SHCC WYSIWYG Article from October 2017

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This article was written by Don VanSyckel, the club president, as a part of "The President's Pen".  This article appeared in the October 2017 WYSIWYG newsletter.

Encrypt an Data You Travel With

by Don VanSyckel

I'm a fan of encrypting your data particularly on a laptop, thumb drive, or other USB drive you travel with. I am still using Windows 7 Pro and I use True Crypt with this to do the encryption. I leave the C: drive 'clear' or unencrypted and I have my data on a second drive which is totally encrypted. True Crypt is, or was, an open source project. because it was open source I trusted that there was no back door. A back door is a mechanism the software author writes into the program that can be used to by pass the normal security provided by the program and allow the author access. In other words, a back door in a data encryption program allows the author (or the government) to access your data.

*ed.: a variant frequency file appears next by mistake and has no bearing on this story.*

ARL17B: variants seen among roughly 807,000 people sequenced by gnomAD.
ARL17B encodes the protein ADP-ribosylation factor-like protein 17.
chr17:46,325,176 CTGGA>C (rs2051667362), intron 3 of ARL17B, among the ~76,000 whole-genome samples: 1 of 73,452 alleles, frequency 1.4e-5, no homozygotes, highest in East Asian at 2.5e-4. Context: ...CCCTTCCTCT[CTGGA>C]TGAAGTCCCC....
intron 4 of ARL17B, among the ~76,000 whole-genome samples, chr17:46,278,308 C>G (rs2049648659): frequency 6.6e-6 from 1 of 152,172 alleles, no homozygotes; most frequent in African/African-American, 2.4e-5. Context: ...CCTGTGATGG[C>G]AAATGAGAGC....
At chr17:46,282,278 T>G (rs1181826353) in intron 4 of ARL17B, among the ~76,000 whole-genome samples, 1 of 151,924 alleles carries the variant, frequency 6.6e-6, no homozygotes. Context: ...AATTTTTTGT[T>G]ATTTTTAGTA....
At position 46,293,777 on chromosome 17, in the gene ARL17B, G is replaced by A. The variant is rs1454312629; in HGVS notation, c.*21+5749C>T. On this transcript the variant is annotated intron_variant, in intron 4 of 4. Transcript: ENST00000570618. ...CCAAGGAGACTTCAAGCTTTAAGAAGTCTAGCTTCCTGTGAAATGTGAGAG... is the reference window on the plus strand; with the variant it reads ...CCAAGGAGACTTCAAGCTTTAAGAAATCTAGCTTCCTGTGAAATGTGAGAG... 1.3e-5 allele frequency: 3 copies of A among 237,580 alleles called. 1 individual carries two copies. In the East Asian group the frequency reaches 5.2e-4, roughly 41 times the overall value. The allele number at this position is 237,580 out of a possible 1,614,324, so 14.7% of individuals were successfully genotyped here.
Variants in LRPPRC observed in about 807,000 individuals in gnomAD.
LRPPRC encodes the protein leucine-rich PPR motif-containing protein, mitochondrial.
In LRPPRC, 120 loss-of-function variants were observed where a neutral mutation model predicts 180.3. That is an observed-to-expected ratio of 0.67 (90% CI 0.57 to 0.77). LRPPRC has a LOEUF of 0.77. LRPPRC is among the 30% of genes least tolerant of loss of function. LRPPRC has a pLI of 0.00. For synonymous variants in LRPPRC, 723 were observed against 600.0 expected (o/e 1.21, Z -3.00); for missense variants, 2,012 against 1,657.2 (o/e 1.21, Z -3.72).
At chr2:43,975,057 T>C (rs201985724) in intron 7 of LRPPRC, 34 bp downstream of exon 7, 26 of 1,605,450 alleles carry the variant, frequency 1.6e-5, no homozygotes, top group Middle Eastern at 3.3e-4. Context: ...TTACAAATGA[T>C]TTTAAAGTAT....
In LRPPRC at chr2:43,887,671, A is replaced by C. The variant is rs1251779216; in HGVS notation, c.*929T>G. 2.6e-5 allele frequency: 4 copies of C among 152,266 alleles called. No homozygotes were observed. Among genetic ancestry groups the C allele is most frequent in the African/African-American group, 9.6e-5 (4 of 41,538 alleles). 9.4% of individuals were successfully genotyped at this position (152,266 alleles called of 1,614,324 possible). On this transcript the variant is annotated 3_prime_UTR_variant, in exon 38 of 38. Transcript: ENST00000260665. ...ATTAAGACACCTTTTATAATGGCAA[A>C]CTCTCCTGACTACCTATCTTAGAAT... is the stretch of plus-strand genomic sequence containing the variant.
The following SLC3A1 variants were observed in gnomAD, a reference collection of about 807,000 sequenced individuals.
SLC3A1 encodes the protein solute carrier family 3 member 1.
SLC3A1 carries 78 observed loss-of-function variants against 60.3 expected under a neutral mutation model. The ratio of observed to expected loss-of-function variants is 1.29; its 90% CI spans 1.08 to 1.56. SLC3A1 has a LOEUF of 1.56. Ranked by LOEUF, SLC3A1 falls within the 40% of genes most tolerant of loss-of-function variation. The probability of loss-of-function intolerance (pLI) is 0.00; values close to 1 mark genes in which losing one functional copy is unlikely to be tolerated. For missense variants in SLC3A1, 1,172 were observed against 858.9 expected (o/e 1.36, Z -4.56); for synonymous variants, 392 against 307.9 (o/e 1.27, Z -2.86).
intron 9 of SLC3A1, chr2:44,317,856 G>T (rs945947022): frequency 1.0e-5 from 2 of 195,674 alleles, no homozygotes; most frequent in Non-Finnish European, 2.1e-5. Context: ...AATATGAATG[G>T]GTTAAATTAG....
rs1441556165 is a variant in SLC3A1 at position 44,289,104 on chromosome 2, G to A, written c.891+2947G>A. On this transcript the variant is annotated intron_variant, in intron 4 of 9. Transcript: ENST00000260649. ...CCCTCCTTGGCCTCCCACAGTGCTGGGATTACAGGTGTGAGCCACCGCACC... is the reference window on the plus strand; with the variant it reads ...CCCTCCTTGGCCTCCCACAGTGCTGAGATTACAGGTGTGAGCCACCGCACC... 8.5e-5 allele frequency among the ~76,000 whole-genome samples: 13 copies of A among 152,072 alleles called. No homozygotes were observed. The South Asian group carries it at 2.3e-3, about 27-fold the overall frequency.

Windows 10 has a data encryption option. Since I don't trust Microsoft I had my suspicions. Recently I read an article that claims Microsoft has a back door in the Windows 10 data encryption. This means that their data encryption on your Windows 10 PC is only as secure as how well Microsoft protects the secret of their back door operation. The things that I don't like is Microsoft was not forth coming with this information; the third party technical community had to dig this out of windows 10 and the fact that there is a back door at all. This is another reason to remain on Windows 7 Pro until there is a third party encryption package for Windows 10.

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